Computer Laboratory

Course pages 2013–14

Numerical Methods

Principal lecturer: Dr David Greaves
Taken by: Part IA CST, Part IA NST, Part I PBS
Past exam questions
Information for supervisors (contact lecturer for access permission)

No. of lectures: 11
Suggested hours of supervisions: 4
This course is useful for the Part II courses Advanced Graphics and Digital Signal Processing.


This course provides:

  1. an introduction to (IEEE) floating-point data representation and arithmetic;
  2. illustrations of how naïve implementations of obvious mathematics can go badly wrong;
  3. a study of several standard numerical algorithms.

An overall implicit aim is to encourage caution when using any floating-point value produced by a computer program.


  • Integer and floating-point representation and arithmetic. Signed and unsigned integers and fixed-point; arithmetic, saturating arithmetic. IEEE 754/854 floating point (32 and 64 bit); zeros, infinities, NaN. What numbers are exactly representable in bases 2 and 10. Accuracy in terms of significant figures. Floating-point arithmetic is non-associative, and mathematical equivalences fail. Nonsensical results, e.g. sin(1e40).

  • IEEE floating-point arithmetic. Floating-point arithmetic, and the IEEE requirements. Why the IEEE standard has endured. Overflow, underflow, progressive loss of significance. Rounding modes. Difficulty in obtaining IEEE-quality in libraries. The java.lang.Math trigonometric library promises.

  • How floating-point computations diverge from real-number calculations. Absolute Error, Relative Error, Machine epsilon, Unit in Last Place (ulp). Finite computation: solving a quadratic. Summing a finite series. Rounding (round-off) and truncation (discretisation) error. Numerical differentiation; determining a good step size.

  • Iteration and when to stop. Unbounded computation may produce unbounded errors. Solving equations by iteration and comparison to terminate it. Newton’s method. Order of convergence. Why summing a Taylor series is problematic.

  • Custom Encodings Arbitrary precision floating point, adaptive floating point, interval arithmetic. Logarithmic and other non-linear representations. Their use in a-posteriori decision algorithms. Eg for rapid multiplication in Viterbi/Bayes and specialist ALUs (e.g. for low-density parity).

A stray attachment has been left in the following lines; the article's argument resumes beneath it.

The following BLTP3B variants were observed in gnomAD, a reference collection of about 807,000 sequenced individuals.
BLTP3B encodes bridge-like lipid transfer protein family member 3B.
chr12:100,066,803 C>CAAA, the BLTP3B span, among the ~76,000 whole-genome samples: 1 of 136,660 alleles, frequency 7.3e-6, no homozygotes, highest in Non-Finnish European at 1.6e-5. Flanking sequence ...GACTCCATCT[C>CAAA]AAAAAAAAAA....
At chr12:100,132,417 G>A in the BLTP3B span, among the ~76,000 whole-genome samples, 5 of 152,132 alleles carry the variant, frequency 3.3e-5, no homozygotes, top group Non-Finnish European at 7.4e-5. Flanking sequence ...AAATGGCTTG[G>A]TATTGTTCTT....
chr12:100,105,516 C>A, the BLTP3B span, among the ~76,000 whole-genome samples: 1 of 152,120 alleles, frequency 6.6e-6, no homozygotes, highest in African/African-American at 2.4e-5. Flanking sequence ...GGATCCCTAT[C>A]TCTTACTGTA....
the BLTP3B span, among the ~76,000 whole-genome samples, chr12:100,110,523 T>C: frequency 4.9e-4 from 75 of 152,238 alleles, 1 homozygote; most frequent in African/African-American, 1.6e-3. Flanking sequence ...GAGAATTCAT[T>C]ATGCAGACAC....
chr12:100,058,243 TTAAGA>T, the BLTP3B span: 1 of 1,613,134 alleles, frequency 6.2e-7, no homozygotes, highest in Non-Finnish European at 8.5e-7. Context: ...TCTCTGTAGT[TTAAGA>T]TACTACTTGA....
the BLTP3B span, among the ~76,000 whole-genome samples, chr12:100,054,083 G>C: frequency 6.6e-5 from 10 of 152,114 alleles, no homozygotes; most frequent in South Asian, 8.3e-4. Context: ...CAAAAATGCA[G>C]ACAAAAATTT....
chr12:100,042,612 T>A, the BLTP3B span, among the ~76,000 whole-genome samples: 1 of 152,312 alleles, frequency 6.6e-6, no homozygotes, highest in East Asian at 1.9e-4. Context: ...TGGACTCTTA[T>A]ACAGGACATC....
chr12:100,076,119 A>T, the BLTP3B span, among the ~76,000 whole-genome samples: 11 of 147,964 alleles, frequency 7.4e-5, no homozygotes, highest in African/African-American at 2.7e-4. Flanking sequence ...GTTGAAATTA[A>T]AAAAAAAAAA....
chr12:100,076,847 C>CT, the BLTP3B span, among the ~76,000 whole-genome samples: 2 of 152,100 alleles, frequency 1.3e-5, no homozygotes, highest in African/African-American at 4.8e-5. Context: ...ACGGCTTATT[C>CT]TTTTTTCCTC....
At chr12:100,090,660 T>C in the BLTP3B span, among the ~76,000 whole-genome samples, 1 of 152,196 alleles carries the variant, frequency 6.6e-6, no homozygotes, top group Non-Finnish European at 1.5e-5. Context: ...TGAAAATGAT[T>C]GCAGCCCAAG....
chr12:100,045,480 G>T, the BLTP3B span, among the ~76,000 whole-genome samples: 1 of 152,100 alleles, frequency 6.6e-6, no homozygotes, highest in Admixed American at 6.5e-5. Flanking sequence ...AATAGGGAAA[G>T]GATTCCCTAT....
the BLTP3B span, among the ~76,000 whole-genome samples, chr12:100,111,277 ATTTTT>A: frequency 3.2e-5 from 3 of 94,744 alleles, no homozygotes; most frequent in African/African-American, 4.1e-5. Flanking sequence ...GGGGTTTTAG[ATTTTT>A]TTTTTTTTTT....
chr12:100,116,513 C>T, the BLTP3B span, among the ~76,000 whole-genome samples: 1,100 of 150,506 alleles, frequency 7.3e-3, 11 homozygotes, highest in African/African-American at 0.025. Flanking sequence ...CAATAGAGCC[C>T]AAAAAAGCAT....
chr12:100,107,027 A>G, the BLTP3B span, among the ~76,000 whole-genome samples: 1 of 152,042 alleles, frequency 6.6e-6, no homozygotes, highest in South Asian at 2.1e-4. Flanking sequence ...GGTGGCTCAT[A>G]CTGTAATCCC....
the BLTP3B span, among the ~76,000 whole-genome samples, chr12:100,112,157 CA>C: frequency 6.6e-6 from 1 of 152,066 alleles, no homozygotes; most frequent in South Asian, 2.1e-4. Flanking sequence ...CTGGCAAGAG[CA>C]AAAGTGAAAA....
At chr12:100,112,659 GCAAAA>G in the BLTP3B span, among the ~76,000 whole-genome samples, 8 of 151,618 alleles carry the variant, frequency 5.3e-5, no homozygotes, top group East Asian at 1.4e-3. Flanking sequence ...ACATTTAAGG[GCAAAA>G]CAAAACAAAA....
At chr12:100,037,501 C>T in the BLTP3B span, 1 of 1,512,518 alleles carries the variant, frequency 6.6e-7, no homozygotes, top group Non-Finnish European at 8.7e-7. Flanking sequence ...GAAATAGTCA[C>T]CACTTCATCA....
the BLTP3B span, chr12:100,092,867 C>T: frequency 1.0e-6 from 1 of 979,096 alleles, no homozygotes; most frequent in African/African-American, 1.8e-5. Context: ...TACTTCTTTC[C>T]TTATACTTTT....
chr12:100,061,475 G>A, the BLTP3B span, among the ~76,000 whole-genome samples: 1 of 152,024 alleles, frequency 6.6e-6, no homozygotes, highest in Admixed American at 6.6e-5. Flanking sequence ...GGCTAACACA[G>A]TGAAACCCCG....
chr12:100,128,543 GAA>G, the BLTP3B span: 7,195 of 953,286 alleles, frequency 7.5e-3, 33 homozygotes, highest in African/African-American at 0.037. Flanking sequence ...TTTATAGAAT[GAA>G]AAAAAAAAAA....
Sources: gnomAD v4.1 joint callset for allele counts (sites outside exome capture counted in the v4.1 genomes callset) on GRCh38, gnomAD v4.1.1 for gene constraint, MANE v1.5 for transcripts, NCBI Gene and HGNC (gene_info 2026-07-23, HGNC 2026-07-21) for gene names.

• Matrix Methods Gaussian Elimination. L/U and Cholesky decompositions. Doolittle, Crout methods. Their stability and usefulness.

  • Efficient Implementation Chebychev orthogonal basis (for power series economisation) Practical implementation of scientific (trig/log) functions. Comparison of Taylor, Chebychev and Cordic.

  • Ill Conditioning and Chaotic Simulations. Role of partial derivatives and backwards stability. Condition number when amenable to mathematical analysis; Monte-Carlo exploration when not. Finite-difference simulation and chaos in weather forecasting and Mandelbrot.

  • Adaptive methods Linear approximations. Wave propagation simulation. Non-linear spatial quantisation. Dynamic temporal quantisation and its use in SPICE.

  • Miscellaneous Topics Discussion on the problems of exact real arithmetic. Remark on the x86 implementations of IEEE arithmetic, interaction of coding style and compiler “optimisations”. Final Remarks.


At the end of the course students should

  • be able to convert simple decimal numbers to and from IEEE floating-point format, and to perform IEEE arithmetic on them;

  • be able to identify problems with floating-point implementations of simple mathematical problems and know when incorrect solution is likely;

  • be familiar with several key algorithms from the history of numerical analysis;

  • decide how and when computation energy should be traded for accuracy;

  • know to use a professionally-written package whenever possible (and still to treat claims of accuracy with suspicion).

Recommended reading

Overton, M.L. (2001). Numerical computing with IEEE floating point arithmetic. SIAM.

Further reading - goes far beyond the course

Goldberg, D. (1991). What every computer scientist should know about floating-point arithmetic. ACM Computing Surveys, vol. 23, pp. 5-48.